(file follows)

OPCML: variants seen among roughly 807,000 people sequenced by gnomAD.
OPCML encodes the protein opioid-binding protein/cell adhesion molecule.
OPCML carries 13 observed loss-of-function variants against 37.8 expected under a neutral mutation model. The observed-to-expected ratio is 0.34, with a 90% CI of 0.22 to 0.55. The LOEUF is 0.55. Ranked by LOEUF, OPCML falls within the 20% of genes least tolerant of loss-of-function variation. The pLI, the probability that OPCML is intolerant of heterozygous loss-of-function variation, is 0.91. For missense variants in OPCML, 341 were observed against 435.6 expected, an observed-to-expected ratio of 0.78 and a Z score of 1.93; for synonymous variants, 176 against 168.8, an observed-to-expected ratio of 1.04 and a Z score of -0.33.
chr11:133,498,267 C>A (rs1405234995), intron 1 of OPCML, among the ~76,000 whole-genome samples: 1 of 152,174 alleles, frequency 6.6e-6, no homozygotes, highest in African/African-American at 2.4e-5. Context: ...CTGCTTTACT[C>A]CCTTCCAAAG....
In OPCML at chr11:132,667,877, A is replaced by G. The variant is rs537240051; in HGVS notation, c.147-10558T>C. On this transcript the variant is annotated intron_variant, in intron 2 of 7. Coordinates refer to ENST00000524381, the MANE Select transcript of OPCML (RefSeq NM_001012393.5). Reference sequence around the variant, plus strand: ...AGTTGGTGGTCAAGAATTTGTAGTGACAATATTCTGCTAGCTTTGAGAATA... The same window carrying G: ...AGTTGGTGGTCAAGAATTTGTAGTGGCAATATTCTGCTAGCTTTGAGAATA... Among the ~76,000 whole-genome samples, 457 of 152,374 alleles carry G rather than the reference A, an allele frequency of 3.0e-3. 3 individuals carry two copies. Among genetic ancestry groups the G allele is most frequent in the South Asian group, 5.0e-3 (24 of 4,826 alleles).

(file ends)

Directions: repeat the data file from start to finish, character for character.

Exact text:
OPCML: variants seen among roughly 807,000 people sequenced by gnomAD.
OPCML encodes the protein opioid-binding protein/cell adhesion molecule.
OPCML carries 13 observed loss-of-function variants against 37.8 expected under a neutral mutation model. The observed-to-expected ratio is 0.34, with a 90% CI of 0.22 to 0.55. The LOEUF is 0.55. Ranked by LOEUF, OPCML falls within the 20% of genes least tolerant of loss-of-function variation. The pLI, the probability that OPCML is intolerant of heterozygous loss-of-function variation, is 0.91. For missense variants in OPCML, 341 were observed against 435.6 expected, an observed-to-expected ratio of 0.78 and a Z score of 1.93; for synonymous variants, 176 against 168.8, an observed-to-expected ratio of 1.04 and a Z score of -0.33.
chr11:133,498,267 C>A (rs1405234995), intron 1 of OPCML, among the ~76,000 whole-genome samples: 1 of 152,174 alleles, frequency 6.6e-6, no homozygotes, highest in African/African-American at 2.4e-5. Context: ...CTGCTTTACT[C>A]CCTTCCAAAG....
In OPCML at chr11:132,667,877, A is replaced by G. The variant is rs537240051; in HGVS notation, c.147-10558T>C. On this transcript the variant is annotated intron_variant, in intron 2 of 7. Coordinates refer to ENST00000524381, the MANE Select transcript of OPCML (RefSeq NM_001012393.5). Reference sequence around the variant, plus strand: ...AGTTGGTGGTCAAGAATTTGTAGTGACAATATTCTGCTAGCTTTGAGAATA... The same window carrying G: ...AGTTGGTGGTCAAGAATTTGTAGTGGCAATATTCTGCTAGCTTTGAGAATA... Among the ~76,000 whole-genome samples, 457 of 152,374 alleles carry G rather than the reference A, an allele frequency of 3.0e-3. 3 individuals carry two copies. Among genetic ancestry groups the G allele is most frequent in the South Asian group, 5.0e-3 (24 of 4,826 alleles).